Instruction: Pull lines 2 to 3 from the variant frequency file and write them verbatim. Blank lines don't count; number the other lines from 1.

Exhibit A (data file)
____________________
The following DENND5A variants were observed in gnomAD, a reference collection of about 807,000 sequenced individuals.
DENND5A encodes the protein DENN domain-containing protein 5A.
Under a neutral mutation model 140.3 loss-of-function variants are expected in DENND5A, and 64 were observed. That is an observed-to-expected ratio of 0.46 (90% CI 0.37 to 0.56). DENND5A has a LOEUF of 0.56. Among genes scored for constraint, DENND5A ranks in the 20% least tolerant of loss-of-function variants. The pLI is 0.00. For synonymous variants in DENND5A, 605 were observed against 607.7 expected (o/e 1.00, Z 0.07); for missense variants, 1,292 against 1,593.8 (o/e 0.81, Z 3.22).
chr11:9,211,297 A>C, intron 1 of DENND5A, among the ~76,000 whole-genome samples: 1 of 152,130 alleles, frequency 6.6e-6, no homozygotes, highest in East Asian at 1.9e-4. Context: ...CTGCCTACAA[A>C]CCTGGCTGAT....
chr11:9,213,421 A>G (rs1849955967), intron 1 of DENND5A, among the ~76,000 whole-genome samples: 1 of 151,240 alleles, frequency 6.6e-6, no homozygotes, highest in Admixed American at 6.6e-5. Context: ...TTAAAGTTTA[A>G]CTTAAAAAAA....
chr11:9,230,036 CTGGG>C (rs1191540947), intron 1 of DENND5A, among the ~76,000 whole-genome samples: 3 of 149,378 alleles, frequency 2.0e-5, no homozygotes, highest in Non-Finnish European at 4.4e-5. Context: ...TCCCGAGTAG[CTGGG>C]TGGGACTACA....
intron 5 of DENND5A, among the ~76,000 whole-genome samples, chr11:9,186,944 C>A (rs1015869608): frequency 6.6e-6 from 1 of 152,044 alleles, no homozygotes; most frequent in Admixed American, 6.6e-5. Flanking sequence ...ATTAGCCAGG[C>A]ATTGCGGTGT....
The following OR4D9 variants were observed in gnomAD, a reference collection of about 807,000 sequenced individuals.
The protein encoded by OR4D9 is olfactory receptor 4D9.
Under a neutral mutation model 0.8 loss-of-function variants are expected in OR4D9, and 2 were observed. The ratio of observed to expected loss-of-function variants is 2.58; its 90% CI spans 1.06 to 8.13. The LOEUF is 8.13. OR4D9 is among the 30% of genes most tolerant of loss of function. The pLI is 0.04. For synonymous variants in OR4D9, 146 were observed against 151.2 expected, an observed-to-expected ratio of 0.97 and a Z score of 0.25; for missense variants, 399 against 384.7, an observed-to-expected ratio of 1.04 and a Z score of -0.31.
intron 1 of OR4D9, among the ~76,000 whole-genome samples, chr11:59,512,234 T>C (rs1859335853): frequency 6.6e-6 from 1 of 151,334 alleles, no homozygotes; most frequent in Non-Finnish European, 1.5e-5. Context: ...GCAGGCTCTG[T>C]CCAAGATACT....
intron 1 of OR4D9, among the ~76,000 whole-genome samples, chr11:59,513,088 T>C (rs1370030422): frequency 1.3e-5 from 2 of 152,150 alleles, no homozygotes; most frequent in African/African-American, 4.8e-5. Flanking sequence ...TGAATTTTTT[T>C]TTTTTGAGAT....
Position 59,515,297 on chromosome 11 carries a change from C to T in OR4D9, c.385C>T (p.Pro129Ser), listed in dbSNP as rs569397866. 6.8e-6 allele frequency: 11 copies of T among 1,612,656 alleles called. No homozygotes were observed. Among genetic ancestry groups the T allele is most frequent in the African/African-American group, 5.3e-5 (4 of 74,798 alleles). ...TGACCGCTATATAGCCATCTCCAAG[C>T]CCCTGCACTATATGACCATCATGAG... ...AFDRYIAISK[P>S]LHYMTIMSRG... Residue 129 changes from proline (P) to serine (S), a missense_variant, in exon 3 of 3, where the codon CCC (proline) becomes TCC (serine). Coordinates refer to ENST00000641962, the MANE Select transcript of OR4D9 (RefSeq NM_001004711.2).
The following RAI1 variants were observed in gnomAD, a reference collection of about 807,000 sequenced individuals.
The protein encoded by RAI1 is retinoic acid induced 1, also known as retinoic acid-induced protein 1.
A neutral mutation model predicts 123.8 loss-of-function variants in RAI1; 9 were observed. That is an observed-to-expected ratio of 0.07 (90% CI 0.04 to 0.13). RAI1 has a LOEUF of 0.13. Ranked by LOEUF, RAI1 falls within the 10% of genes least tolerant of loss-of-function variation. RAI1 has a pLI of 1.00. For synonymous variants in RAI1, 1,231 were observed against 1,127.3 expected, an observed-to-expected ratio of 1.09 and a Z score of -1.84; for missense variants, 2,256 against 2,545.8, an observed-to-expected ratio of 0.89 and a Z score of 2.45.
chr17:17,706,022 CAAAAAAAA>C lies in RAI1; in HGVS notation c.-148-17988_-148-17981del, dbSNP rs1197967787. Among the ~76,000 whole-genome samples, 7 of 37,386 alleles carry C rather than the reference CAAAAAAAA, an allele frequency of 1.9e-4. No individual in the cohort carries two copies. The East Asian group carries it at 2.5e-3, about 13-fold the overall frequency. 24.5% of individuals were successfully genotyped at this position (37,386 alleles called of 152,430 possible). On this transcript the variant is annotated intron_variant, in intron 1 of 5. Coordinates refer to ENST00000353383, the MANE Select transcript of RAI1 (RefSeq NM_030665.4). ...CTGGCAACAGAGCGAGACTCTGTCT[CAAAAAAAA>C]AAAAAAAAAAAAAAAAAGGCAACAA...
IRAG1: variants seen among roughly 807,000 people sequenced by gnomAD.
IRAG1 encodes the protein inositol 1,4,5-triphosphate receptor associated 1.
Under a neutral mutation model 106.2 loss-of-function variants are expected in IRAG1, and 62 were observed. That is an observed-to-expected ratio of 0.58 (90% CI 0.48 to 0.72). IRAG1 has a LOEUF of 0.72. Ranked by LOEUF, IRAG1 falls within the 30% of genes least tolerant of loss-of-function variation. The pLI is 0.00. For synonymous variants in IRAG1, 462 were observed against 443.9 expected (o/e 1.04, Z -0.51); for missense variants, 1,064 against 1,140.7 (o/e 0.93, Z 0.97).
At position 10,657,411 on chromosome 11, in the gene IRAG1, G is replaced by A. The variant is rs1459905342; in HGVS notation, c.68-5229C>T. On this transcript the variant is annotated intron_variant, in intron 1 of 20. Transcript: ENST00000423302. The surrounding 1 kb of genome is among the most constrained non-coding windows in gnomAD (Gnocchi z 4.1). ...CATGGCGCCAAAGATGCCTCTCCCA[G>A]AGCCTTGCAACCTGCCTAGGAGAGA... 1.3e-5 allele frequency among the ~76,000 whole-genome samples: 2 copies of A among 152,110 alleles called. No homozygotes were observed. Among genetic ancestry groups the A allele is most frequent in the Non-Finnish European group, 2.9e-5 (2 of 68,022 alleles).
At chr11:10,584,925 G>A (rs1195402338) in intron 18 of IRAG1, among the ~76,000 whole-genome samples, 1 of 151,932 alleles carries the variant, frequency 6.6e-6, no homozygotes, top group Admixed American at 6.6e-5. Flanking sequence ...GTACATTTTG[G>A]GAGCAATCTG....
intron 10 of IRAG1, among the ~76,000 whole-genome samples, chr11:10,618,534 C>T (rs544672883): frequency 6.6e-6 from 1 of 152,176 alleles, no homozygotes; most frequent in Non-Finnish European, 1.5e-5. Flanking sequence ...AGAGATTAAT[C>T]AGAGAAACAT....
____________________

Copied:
DENND5A encodes the protein DENN domain-containing protein 5A.
Under a neutral mutation model 140.3 loss-of-function variants are expected in DENND5A, and 64 were observed. That is an observed-to-expected ratio of 0.46 (90% CI 0.37 to 0.56). DENND5A has a LOEUF of 0.56. Among genes scored for constraint, DENND5A ranks in the 20% least tolerant of loss-of-function variants. The pLI is 0.00. For synonymous variants in DENND5A, 605 were observed against 607.7 expected (o/e 1.00, Z 0.07); for missense variants, 1,292 against 1,593.8 (o/e 0.81, Z 3.22).